TV and Film Track

Jobs and Career Options

Woman with had on stands on top of a mountain with camera.Whether your goal is to be in front of the camera or behind, the TV and film track at the University of Montana School of Journalism will set you up for a bright career in the industry. 

And, you'll have plenty of options when you graduate. Jobs in this business abound. The Bureau of Labor Statistics estimates that the job market for producers and directors will grow 8% in the next decade and the market for film editors and camera operators will increase 12%. 

Our graduates land jobs as anchors and reporters, producers, directors, editors and web producers. Here are just some of the jobs you'll be prepared for if you choose this track at the UM J-School:

Reporter

Host

Producer

Multi media journalist

Social media editor/producer

Videographer

Video/Film editor

Documentary filmmaker

Web producer

Anchor

Director

Technical Director

 

The Student Experience

Young woman in button-up shirt stands in front of camera.As a student in the TV and film track, you'll get into the studio and behind the camera at the start. You'll work on daily news and documentaries. You'll report and anchor and run the camera. And, you'll also get to work on what fires you up. 

Broadcast student Meghan Fatouros says this: 

"...that’s what I love about the J-School is there so much creative freedom. It’s not one of these things where: ‘here’s the rubric, here’s the themes I’m looking for.’ It’s like: ‘what are you passionate about? Go out there and do it. Learn by doing.’"

Her advice for prospective students?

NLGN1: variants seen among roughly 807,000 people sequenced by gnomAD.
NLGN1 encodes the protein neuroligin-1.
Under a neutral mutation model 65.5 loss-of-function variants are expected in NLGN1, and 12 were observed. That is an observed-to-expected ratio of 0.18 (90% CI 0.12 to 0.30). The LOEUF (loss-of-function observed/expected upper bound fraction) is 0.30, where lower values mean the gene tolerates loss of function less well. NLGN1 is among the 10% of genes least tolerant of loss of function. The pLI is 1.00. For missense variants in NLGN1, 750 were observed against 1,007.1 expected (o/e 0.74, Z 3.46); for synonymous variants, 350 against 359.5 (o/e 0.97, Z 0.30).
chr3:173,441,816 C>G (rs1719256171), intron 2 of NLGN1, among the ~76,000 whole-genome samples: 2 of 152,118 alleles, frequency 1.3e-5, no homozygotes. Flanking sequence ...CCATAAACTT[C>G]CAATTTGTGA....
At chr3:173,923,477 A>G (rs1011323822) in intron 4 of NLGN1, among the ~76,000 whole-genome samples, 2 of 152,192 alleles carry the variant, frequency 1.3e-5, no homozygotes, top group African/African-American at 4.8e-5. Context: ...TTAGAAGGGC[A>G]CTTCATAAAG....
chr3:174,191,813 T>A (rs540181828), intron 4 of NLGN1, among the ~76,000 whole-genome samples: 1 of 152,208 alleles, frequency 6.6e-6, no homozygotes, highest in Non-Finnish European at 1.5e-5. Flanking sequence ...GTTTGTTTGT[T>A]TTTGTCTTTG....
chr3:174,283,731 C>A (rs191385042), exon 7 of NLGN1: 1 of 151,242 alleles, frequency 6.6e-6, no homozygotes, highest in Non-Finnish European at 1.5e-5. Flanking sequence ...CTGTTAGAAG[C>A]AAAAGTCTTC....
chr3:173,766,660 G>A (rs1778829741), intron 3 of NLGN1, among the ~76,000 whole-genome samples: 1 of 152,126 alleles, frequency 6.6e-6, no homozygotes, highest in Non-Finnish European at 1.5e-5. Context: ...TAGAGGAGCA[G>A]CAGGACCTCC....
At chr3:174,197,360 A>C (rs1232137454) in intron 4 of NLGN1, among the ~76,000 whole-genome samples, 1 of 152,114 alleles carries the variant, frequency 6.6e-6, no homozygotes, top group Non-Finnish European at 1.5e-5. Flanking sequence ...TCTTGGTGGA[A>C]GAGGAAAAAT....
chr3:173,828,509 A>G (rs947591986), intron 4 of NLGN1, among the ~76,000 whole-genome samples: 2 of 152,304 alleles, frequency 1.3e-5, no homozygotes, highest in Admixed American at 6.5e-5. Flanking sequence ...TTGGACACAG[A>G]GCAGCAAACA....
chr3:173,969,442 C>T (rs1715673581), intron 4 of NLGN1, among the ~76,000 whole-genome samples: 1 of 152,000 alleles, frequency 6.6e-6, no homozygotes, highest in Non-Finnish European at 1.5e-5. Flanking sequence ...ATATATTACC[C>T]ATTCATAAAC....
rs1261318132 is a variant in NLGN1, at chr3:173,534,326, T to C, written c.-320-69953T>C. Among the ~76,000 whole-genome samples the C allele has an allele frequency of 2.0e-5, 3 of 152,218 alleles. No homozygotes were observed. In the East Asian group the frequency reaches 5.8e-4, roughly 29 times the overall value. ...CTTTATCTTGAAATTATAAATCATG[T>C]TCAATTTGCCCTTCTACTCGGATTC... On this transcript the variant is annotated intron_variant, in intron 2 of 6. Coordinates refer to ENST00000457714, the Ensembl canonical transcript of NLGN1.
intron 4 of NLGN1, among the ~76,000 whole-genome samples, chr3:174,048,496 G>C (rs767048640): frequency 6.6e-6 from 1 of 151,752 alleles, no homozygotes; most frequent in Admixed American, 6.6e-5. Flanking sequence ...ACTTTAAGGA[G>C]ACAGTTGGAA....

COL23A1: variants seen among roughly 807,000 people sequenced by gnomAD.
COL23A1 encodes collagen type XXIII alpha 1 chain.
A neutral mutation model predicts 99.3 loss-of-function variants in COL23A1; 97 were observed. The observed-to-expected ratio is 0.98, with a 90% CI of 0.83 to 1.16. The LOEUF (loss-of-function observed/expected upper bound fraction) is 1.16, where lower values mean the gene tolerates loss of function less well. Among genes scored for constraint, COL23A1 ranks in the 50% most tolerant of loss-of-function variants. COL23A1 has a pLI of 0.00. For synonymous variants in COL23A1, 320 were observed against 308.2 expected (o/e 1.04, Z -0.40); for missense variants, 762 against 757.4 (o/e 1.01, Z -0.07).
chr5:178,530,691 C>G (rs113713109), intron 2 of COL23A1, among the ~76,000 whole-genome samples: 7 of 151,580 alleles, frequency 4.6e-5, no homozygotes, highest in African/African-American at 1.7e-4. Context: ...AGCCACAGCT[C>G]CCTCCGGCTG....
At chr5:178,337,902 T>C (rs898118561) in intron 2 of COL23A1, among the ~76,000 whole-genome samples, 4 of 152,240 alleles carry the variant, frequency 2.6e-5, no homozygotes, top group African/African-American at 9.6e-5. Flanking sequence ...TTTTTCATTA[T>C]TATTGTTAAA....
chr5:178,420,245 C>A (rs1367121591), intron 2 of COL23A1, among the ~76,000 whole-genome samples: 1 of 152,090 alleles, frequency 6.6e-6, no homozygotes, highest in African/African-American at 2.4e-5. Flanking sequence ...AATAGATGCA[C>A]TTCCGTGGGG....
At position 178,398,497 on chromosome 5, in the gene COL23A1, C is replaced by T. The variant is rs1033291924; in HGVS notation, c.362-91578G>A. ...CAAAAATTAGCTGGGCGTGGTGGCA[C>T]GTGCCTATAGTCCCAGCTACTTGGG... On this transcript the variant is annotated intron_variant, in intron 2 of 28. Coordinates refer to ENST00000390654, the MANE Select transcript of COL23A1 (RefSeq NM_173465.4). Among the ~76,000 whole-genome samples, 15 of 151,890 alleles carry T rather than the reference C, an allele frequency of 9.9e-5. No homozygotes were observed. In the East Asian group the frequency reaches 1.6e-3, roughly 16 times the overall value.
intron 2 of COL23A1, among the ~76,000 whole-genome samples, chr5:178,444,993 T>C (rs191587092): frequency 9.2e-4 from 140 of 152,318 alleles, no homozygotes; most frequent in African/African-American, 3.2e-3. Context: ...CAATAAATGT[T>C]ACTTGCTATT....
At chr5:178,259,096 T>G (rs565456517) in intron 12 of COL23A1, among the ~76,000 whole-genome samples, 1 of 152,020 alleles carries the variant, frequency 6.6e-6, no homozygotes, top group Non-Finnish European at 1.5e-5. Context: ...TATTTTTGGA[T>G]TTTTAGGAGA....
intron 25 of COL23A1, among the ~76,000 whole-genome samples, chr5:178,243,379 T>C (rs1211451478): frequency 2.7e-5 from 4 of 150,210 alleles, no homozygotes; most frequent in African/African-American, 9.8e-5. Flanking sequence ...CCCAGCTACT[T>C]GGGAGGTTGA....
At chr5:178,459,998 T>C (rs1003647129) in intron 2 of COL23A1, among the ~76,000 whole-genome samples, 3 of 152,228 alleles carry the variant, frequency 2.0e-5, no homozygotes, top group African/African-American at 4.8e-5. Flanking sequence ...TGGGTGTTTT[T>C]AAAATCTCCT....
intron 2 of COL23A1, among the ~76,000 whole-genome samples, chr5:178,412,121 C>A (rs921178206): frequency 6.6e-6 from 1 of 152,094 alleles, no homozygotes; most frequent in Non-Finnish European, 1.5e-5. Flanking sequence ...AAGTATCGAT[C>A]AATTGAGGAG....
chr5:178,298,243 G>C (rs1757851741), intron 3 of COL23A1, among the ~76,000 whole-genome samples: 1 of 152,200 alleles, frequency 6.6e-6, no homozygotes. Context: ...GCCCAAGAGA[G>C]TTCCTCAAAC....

"Don’t be afraid to change and [change] is always going to be coming your way. Life is done through such a zigzag pattern. And the journalism school will [support] you. You don’t have to fit this certain mold."

Notable Alumni

Woman in CBS News studios looks at camera.

Maritsa Georgiou, reporter/anchor, Newsy

Shane Bishop, producer, Dateline

Erik Olson, digital content producer, KTVQ Billings

Meg Oliver (pictured at left), news correspondent, CBS News

Breanna McCabe, TV producer and documentary filmmaker, Montana PBS

"The best thing about the UM J-school training was that it was hands on! Everything we did in the classroom we used in the field. When I looked around for Journalism schools UM stood out to me for their hands-on approach and the amazing professors they had on hand." 

-Meg Oliver

 

Courses

Students in the TV and film track start with the "core four" journalism classes in their first years, focused on the basics of media history, writing, news judgement and reporting. From there, you'll branch out and start focusing in on the aspects of TV and film that most interest you, getting out there in the real world reporting and editing and producing projects that get aired with our local and statewide partners, like Montana PBS and other Montana broadcasters. Students are also encouraged to try out some film and cinematography classes in the School of Visual and Media Arts. 

Lower-Division Required Coursed in Major

JRNL 100H

Media History and Literacy

JRNL 170

Writing the News

JRNL 257

Beginning Visual Journalism

JRNL 270

Reporting the News

 

Upper-Division Required Courses in the Major

JRNL 300

First Amendment and Journalism Law

JRNL 400

Ethics and Trends in News Media

JRNL 498

Supervised Internship

 

Upper Division Writing Requirement Suggestion

JRNL 340

Intermediate Audio

JRNL 352

Intermediate Video Reporting and Producing

 

Five Upper-Division Elective Requirement Suggestions

JRNL 332

Audience and Social Media

JRNL 350

Intermediate Video

JRNL 351

Intermediate Video Directing

JRNL 391

Documentary Film History

JRNL 482

Advanced Video Storytelling

 

Capstone Requirement Suggestions                  

JRNL 480

Reporting Video News

JRNL 481

Advanced Video Photo and Directing

JRNL 488

Student Documentary Unit

 

Courses Outside JRNL Suggested

MART 345

Sound for Film

MART 327

Intro to Cinematography

MAR 252

Screenwriting